We love this line from Roberta Smith’s piece on Michael Mahalchick: “In Mr. Mahalchick's best work an almost devotional sense of precision shines through a thin veneer of slovenliness. Elsewhere the veneer thickens.” [NY Times]
In other newspaper-critics-agreeing-with-us news, Adrian Searle doesn’t like the Hans-Peter Feldmann exhibition at the Serpentine (which was largely drawn from last month’s groan-worthy 303 Gallery show). [The Guardian]
On the other hand, Frieze has a review of a Richard Prince show that honestly starts like this: ”'Good artists borrow, great artists steal' is a quote often ascribed to Pablo Picasso. It could also be the motto of Richard Prince, who is known for appropriating existing photographs, and hence taking the Picasso quote almost literarly [sic], something that has caused him copyright lawsuits in the past.” For real, guys? Can we start using the big-boy ledes, please? I think I started an essay with that quote in tenth grade. [Frieze]
New York has a piece by Justin Davidson about what the renovations coming to Times Square will look like. The answer? Boring. Which is exactly what Times Square needs. [New York]
So The Times sent art critic Holland Cotter to Africa for a month. His verdict: everything is African, too African, or not African enough, but at least now we’re making things more African, and also less African. It’s a sensitive, inquisitive dispatch, but we’re not sure where it’s going. [NY Times]
Nadja Sayej says she got a Documenta press kit that consisted almost entirely of photographs of curator Carolyn Christov-Bakargiev. We understand that there wouldn’t be much in the way of installation photographs—the exhibition, after all, is still six weeks away—but still, these photos are hilarious. [ArtStars*]
Morley Safer’s feature on the contemporary art world for 60 Minutes last night was 13 minutes of boring but we’ll probably talk about it anyway. In the meantime, Jerry Saltz has already penned more than 700 words on the subject. [NYMag]
Martin Gayford visits the Tate and concludes that Damien Hirst hasn’t had a good new idea in 20 years. Are there any living critics who like the bulk of what he’s made in his career? [Bloomberg]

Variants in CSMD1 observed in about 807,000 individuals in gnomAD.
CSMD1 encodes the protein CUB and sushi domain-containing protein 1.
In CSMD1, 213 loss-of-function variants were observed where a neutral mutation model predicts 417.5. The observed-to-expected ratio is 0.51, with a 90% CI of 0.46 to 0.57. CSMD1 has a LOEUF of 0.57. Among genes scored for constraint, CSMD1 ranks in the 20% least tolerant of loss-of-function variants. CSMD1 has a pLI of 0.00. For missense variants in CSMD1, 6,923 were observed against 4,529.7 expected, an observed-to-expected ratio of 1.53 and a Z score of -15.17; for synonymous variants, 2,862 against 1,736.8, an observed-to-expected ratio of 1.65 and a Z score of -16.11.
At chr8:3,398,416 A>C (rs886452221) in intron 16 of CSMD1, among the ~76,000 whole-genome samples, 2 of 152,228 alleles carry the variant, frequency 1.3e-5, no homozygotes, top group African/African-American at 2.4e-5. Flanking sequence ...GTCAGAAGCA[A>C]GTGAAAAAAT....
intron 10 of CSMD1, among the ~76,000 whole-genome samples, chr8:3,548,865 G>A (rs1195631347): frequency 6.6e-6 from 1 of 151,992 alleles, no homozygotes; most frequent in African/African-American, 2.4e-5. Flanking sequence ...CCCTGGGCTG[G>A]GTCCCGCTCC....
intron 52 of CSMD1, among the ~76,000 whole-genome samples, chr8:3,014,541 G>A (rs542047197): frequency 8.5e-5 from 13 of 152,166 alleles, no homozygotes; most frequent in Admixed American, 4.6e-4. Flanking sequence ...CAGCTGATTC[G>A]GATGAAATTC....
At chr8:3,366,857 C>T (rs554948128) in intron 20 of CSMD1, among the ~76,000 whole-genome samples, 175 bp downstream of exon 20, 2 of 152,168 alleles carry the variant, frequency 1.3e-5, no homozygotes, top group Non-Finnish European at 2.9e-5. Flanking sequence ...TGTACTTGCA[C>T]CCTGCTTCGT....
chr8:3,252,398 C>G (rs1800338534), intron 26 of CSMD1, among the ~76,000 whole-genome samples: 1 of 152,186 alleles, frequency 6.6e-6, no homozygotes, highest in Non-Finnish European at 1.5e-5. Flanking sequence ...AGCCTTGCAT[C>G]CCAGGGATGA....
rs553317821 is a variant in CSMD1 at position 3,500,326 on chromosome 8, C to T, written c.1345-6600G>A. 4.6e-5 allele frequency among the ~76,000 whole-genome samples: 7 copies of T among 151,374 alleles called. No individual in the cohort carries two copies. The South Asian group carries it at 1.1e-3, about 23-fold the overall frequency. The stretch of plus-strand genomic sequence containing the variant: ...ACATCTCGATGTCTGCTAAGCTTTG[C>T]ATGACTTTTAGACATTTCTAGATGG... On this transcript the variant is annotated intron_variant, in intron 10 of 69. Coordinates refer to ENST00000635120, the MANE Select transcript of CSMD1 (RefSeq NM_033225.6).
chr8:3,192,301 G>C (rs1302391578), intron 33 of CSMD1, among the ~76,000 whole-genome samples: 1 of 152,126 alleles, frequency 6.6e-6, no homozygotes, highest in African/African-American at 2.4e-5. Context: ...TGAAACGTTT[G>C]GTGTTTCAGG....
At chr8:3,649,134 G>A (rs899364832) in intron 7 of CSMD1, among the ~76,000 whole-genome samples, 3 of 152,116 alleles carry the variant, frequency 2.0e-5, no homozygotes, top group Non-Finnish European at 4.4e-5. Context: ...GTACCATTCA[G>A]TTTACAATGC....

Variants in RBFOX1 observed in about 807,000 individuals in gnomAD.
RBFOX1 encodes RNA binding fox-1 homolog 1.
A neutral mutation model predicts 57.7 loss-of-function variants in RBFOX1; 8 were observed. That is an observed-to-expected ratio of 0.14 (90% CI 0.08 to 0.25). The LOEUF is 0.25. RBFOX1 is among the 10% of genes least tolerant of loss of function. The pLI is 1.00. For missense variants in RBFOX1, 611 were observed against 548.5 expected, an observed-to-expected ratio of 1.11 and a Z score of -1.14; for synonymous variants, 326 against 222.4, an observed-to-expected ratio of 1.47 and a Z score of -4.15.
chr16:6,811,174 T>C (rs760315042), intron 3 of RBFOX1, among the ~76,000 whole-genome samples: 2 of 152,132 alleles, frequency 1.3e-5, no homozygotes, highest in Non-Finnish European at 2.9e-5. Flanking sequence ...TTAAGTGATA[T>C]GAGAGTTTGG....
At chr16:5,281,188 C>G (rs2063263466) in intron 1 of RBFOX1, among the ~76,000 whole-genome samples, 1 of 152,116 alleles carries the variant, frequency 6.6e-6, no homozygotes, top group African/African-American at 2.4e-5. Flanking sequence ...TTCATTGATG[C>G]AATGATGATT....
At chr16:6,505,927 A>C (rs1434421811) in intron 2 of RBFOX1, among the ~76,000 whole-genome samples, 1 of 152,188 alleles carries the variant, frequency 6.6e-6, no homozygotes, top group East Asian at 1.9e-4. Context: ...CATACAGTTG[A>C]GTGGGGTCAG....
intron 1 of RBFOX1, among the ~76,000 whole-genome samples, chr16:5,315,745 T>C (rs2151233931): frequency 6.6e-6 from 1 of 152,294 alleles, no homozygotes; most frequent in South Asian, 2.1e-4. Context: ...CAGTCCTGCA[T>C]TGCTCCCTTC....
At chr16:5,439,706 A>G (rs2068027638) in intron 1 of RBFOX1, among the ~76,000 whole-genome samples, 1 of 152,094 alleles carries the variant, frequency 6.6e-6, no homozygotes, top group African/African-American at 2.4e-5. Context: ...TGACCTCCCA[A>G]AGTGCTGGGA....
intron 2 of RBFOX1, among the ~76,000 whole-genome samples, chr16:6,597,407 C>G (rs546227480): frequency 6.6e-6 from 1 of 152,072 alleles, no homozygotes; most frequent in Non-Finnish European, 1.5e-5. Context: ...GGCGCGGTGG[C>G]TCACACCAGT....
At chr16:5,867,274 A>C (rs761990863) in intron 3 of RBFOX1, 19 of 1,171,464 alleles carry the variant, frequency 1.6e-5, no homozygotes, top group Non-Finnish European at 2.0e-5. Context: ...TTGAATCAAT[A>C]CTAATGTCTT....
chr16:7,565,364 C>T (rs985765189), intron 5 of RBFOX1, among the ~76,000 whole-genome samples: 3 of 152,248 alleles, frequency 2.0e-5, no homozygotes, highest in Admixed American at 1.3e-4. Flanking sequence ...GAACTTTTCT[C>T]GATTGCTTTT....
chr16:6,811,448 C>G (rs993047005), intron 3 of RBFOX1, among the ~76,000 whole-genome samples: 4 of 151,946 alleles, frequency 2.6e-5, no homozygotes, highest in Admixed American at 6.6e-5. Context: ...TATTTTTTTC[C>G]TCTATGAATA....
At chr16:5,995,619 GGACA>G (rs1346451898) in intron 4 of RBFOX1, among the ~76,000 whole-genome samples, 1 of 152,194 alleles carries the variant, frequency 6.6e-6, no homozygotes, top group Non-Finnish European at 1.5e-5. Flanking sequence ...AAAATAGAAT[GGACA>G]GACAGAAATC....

Certainly not Adrian Searle, who says it’s impossible to strip away the repetition in Hirst’s body of work. Nothing compares to the cows head and flies he made back in 1990, except perhaps “the large, sealed double vitrine from the following year, containing a desk, chair, ashtray and packet of cigarettes (The Acquired Inability to Escape), but even this has the feel of an extrapolation rather than a development.” Ouch. [The Guardian]
John Yau’s been writing some really great stuff over at Hyperallergic. This weekend he talks about Sylvia Plimack-Mangold ascribing to her paintings a “conceptual complexity… that critics often deny is possible in all painting, as if somehow painting is all just a matter of hand and eye coordination, with no thinking.” [Hyperallergic]
Closed Systems: Generative Art and Abstraction. Set aside a bit of time to read this. It requires more head space than a lot of the bloggy chatter out there. [Marius Watz]
Kat Kinsman shares a horrific story of torment she endured in junior high on account of her big nose. Many years later, art school cures her woes. [CNN]
IMAGE: Syliva Plimack-Mangold, “Exact and Diminishing” (1976), acrylic on canvas, 30 x 72 inches
A handful of performances, new and old, deliver a welcome jolt. Banksy might be just like us, and Ai Wei Wei gets a job. Art activities may now include plant-growing and drug trafficking, so pot dealers rejoice!
This week in Massive Links: Annoying. Four year old Aelita Andre opens first solo show at Agora Gallery. The media cares. CultureGrrl readers have had a treat over the last few years — constant coverage of Ourousoff’s so called fuck ups. Also, all those Tintorettos in Venice? Total overkill.